The difficulty is, as the Warshauer article indicates, that, given the actual extent of plagiarism, it's not really possible to enforce the policies. The freshman comp chair and my faculty advisers had me on the carpet many times over variations on the following: "John, you have to understand that there are departments like Cinema or Victim Studies that are trying to get the university to recognize that their introductory courses can qualify for the freshman comp requirement. If a student can take Cinema 101 and get credit for freshman comp, we lose enrollment. That means your job." (It also would mean the jobs of the professors who teach the graduate assistants, of course, who were the ones who were hectoring me.)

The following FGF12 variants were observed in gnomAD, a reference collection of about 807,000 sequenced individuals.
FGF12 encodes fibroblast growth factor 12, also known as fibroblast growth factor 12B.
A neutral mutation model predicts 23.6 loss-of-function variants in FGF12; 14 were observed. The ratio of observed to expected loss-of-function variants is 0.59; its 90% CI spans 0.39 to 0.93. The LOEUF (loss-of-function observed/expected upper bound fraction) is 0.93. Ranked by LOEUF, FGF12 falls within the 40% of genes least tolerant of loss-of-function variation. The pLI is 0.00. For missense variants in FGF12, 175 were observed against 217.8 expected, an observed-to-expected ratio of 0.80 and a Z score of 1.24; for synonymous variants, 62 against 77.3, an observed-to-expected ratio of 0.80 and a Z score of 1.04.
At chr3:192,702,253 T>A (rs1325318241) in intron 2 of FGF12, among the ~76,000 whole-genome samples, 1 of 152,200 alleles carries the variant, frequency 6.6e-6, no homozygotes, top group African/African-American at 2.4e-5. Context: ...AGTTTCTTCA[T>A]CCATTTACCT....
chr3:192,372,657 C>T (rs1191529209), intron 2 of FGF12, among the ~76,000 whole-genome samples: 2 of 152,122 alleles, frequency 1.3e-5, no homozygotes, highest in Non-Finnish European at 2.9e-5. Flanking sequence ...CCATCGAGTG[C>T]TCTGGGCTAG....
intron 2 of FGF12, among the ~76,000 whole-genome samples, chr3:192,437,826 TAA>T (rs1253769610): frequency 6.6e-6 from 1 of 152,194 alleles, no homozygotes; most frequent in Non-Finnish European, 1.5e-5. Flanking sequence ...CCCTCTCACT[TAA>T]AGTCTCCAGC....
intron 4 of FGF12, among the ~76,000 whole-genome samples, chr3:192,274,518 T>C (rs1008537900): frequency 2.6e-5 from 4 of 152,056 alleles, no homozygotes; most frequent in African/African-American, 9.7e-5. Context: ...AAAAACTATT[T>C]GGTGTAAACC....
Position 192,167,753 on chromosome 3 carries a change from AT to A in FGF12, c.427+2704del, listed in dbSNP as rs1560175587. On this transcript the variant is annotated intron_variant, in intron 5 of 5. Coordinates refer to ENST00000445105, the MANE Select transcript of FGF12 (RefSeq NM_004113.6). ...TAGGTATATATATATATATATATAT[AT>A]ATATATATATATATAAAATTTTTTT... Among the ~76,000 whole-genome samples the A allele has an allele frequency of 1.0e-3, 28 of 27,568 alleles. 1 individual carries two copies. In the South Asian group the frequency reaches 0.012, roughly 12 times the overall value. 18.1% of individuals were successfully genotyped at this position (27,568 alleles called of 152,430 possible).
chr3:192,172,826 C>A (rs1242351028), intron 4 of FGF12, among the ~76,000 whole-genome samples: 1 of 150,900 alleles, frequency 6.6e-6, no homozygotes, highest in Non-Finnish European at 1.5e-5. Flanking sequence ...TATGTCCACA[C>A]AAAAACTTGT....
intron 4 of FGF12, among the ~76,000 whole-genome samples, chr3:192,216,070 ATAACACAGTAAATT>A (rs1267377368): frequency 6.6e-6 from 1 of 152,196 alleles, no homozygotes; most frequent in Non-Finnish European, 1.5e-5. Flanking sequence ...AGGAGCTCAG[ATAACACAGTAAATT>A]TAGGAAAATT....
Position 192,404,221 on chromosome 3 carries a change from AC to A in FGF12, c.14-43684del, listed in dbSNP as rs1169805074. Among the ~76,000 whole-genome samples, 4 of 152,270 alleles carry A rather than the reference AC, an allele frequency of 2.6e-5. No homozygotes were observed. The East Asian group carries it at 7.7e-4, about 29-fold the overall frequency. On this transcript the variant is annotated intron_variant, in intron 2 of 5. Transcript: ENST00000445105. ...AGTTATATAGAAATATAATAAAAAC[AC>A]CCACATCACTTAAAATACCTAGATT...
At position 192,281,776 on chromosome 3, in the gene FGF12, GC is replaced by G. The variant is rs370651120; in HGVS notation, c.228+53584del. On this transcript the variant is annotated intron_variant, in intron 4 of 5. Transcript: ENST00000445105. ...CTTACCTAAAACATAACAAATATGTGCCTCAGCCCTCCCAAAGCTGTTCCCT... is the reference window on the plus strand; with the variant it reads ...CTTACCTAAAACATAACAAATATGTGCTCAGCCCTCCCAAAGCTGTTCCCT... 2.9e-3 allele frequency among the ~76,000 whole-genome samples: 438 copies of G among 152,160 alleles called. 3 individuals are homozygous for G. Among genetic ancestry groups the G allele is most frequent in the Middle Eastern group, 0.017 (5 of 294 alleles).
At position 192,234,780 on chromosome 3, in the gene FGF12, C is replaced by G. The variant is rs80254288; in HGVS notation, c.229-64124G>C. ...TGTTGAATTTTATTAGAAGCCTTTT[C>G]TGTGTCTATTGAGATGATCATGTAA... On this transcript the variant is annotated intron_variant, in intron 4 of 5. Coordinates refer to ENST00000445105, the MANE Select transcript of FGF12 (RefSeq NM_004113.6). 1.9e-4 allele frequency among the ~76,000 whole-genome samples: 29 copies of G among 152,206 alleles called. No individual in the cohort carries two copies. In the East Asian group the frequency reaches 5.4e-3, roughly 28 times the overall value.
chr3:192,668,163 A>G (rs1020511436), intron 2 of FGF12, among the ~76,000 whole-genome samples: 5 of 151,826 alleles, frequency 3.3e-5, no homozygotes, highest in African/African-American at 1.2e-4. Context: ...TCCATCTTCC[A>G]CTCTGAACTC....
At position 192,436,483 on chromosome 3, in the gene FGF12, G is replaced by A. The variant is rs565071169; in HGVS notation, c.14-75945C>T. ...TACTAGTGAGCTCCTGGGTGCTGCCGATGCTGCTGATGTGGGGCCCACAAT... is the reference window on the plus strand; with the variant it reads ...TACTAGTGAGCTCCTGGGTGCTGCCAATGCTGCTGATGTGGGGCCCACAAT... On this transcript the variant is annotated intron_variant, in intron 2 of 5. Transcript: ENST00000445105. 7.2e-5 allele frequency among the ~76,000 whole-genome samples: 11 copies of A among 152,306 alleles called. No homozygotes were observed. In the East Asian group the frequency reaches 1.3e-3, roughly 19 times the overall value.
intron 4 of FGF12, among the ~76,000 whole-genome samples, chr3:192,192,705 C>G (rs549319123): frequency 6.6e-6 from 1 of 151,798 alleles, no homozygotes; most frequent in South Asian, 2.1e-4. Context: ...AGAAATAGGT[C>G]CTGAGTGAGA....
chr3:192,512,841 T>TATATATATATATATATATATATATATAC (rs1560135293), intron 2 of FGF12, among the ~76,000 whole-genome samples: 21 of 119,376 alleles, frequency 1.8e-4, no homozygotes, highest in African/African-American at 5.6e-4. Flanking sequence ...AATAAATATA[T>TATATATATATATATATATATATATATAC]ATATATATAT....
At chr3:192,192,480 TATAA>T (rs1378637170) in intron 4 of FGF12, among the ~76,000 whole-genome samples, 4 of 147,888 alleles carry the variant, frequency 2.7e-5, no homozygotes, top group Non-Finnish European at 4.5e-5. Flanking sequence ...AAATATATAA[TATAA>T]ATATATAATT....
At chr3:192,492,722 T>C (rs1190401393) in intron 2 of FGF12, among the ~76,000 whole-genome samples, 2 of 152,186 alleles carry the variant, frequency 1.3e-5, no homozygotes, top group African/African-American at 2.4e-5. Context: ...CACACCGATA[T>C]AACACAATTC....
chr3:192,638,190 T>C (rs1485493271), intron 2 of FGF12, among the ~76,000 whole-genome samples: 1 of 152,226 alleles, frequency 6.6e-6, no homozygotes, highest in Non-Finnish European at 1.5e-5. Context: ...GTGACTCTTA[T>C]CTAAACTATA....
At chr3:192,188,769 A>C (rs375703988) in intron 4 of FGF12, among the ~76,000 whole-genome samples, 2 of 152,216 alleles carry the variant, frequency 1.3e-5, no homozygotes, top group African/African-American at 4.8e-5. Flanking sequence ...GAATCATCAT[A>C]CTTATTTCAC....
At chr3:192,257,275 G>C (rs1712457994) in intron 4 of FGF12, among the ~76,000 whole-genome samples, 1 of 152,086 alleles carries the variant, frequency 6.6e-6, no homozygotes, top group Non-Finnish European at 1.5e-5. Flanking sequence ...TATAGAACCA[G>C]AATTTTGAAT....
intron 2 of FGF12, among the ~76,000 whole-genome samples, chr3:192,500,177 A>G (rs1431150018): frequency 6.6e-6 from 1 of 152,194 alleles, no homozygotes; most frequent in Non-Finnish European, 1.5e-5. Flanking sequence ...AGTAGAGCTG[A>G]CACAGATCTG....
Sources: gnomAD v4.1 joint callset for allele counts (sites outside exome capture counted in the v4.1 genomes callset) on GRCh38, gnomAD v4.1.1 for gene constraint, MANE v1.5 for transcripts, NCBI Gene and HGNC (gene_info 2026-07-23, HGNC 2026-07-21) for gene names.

So if English 101, freshman comp, gets the reputation of flunking too many students for plagiarism, there will be that much more incentive to establish or take substitute courses where the policing may not be as effective. But beyond that, any university has got a scandal if any percentage of students -- take whatever statistic you find on the web, or whatever you think is right, ten percent, 30 percent, 60 percent -- gets sent up on formal discipline. Think about it. Don't go to Faber College -- there's a 30 percent chance they'll flunk you out for plagiarism. I don't know what they'd do with that in the US News ranking.